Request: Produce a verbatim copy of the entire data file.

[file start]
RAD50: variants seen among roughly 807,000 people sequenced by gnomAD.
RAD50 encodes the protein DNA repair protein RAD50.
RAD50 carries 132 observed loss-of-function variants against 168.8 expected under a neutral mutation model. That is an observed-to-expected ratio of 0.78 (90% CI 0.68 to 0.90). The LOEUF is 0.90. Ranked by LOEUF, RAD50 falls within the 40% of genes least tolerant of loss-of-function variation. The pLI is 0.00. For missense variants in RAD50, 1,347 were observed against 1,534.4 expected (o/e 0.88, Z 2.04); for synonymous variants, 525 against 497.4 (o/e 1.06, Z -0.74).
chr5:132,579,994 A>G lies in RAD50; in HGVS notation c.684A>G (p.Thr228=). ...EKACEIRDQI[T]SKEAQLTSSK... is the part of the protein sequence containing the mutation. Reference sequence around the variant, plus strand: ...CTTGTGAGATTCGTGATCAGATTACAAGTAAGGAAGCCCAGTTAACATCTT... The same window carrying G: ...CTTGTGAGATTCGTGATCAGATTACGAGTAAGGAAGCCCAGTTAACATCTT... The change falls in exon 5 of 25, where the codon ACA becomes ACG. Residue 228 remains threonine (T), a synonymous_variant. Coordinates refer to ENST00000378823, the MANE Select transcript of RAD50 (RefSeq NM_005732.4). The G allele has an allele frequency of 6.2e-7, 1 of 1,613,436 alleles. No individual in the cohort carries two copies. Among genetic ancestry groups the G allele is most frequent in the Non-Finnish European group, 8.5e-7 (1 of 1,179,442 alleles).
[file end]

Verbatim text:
RAD50: variants seen among roughly 807,000 people sequenced by gnomAD.
RAD50 encodes the protein DNA repair protein RAD50.
RAD50 carries 132 observed loss-of-function variants against 168.8 expected under a neutral mutation model. That is an observed-to-expected ratio of 0.78 (90% CI 0.68 to 0.90). The LOEUF is 0.90. Ranked by LOEUF, RAD50 falls within the 40% of genes least tolerant of loss-of-function variation. The pLI is 0.00. For missense variants in RAD50, 1,347 were observed against 1,534.4 expected (o/e 0.88, Z 2.04); for synonymous variants, 525 against 497.4 (o/e 1.06, Z -0.74).
chr5:132,579,994 A>G lies in RAD50; in HGVS notation c.684A>G (p.Thr228=). ...EKACEIRDQI[T]SKEAQLTSSK... is the part of the protein sequence containing the mutation. Reference sequence around the variant, plus strand: ...CTTGTGAGATTCGTGATCAGATTACAAGTAAGGAAGCCCAGTTAACATCTT... The same window carrying G: ...CTTGTGAGATTCGTGATCAGATTACGAGTAAGGAAGCCCAGTTAACATCTT... The change falls in exon 5 of 25, where the codon ACA becomes ACG. Residue 228 remains threonine (T), a synonymous_variant. Coordinates refer to ENST00000378823, the MANE Select transcript of RAD50 (RefSeq NM_005732.4). The G allele has an allele frequency of 6.2e-7, 1 of 1,613,436 alleles. No individual in the cohort carries two copies. Among genetic ancestry groups the G allele is most frequent in the Non-Finnish European group, 8.5e-7 (1 of 1,179,442 alleles).